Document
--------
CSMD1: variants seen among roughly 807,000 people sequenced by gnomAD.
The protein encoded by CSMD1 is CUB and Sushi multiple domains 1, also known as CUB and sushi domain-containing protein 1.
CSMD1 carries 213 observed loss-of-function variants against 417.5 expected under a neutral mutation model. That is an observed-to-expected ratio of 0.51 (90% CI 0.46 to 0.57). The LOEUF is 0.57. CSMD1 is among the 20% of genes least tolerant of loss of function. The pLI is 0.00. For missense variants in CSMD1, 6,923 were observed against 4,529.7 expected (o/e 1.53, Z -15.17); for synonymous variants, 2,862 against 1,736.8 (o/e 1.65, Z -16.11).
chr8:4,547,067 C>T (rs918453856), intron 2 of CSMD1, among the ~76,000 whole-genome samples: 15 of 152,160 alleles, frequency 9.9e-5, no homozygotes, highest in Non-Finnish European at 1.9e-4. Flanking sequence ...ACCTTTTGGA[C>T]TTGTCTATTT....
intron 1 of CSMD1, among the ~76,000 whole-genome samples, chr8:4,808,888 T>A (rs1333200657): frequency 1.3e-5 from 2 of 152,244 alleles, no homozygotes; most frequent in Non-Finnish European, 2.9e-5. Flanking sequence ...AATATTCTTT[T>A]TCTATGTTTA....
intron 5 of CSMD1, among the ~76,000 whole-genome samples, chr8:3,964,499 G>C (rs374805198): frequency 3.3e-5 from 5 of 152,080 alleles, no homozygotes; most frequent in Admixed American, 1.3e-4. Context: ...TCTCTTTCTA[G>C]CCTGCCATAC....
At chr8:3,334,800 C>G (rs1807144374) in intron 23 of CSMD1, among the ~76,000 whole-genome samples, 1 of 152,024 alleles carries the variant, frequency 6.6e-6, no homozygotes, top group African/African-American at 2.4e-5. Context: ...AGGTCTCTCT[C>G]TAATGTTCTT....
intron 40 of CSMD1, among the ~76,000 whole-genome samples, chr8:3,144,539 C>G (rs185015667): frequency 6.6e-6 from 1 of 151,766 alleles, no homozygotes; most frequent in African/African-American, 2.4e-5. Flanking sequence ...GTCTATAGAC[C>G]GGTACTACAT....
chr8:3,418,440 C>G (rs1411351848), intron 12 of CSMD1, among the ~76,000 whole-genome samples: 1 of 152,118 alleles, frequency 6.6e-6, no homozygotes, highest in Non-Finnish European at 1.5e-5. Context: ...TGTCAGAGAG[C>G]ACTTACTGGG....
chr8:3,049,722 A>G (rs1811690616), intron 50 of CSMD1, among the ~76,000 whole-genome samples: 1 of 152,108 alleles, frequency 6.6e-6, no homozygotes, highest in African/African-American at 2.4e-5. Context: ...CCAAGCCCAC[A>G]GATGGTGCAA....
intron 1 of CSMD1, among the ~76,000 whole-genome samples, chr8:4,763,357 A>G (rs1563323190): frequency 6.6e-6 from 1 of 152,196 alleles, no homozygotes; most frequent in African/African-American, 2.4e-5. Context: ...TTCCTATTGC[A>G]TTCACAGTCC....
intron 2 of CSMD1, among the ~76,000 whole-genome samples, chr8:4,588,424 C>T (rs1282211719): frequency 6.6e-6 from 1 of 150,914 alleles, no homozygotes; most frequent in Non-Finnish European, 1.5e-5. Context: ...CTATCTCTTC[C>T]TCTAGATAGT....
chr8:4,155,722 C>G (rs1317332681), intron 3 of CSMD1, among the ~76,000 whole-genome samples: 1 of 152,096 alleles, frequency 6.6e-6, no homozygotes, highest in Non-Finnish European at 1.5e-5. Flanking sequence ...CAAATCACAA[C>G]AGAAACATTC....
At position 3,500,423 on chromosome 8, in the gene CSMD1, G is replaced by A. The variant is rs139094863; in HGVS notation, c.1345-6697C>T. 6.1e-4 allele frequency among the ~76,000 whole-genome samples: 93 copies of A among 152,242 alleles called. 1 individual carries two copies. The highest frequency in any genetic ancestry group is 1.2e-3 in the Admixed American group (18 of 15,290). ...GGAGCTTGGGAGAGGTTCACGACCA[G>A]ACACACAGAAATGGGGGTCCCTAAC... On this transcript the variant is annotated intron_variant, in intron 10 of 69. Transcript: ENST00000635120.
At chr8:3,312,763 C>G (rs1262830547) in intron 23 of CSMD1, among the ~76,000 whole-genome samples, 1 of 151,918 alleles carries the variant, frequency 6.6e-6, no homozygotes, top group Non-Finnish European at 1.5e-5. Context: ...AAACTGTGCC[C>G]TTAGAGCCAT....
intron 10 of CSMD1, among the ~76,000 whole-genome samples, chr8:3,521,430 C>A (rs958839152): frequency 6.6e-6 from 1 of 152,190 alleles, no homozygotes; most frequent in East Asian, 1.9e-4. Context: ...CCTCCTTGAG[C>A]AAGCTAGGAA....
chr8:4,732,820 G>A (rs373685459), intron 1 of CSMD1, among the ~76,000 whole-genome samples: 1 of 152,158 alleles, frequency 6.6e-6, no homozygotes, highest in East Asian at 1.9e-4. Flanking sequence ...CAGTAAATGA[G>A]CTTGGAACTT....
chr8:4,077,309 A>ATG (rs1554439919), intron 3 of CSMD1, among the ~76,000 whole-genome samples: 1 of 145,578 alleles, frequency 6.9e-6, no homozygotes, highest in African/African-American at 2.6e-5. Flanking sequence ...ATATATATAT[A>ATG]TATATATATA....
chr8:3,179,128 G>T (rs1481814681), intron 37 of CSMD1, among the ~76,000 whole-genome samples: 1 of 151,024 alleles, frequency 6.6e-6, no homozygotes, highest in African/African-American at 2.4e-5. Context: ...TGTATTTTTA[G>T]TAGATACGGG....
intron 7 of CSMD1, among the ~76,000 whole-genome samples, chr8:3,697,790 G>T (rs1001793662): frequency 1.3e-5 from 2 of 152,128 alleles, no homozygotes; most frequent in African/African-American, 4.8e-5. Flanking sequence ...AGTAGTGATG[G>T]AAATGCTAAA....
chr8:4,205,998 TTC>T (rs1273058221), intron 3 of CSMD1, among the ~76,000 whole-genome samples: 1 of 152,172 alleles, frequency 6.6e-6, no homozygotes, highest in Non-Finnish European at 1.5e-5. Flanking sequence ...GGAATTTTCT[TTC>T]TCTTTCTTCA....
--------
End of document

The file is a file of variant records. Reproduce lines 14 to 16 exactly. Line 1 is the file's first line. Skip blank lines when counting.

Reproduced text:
At position 3,500,423 on chromosome 8, in the gene CSMD1, G is replaced by A. The variant is rs139094863; in HGVS notation, c.1345-6697C>T. 6.1e-4 allele frequency among the ~76,000 whole-genome samples: 93 copies of A among 152,242 alleles called. 1 individual carries two copies. The highest frequency in any genetic ancestry group is 1.2e-3 in the Admixed American group (18 of 15,290). ...GGAGCTTGGGAGAGGTTCACGACCA[G>A]ACACACAGAAATGGGGGTCCCTAAC... On this transcript the variant is annotated intron_variant, in intron 10 of 69. Transcript: ENST00000635120.
At chr8:3,312,763 C>G (rs1262830547) in intron 23 of CSMD1, among the ~76,000 whole-genome samples, 1 of 151,918 alleles carries the variant, frequency 6.6e-6, no homozygotes, top group Non-Finnish European at 1.5e-5. Context: ...AAACTGTGCC[C>G]TTAGAGCCAT....
intron 10 of CSMD1, among the ~76,000 whole-genome samples, chr8:3,521,430 C>A (rs958839152): frequency 6.6e-6 from 1 of 152,190 alleles, no homozygotes; most frequent in East Asian, 1.9e-4. Context: ...CCTCCTTGAG[C>A]AAGCTAGGAA....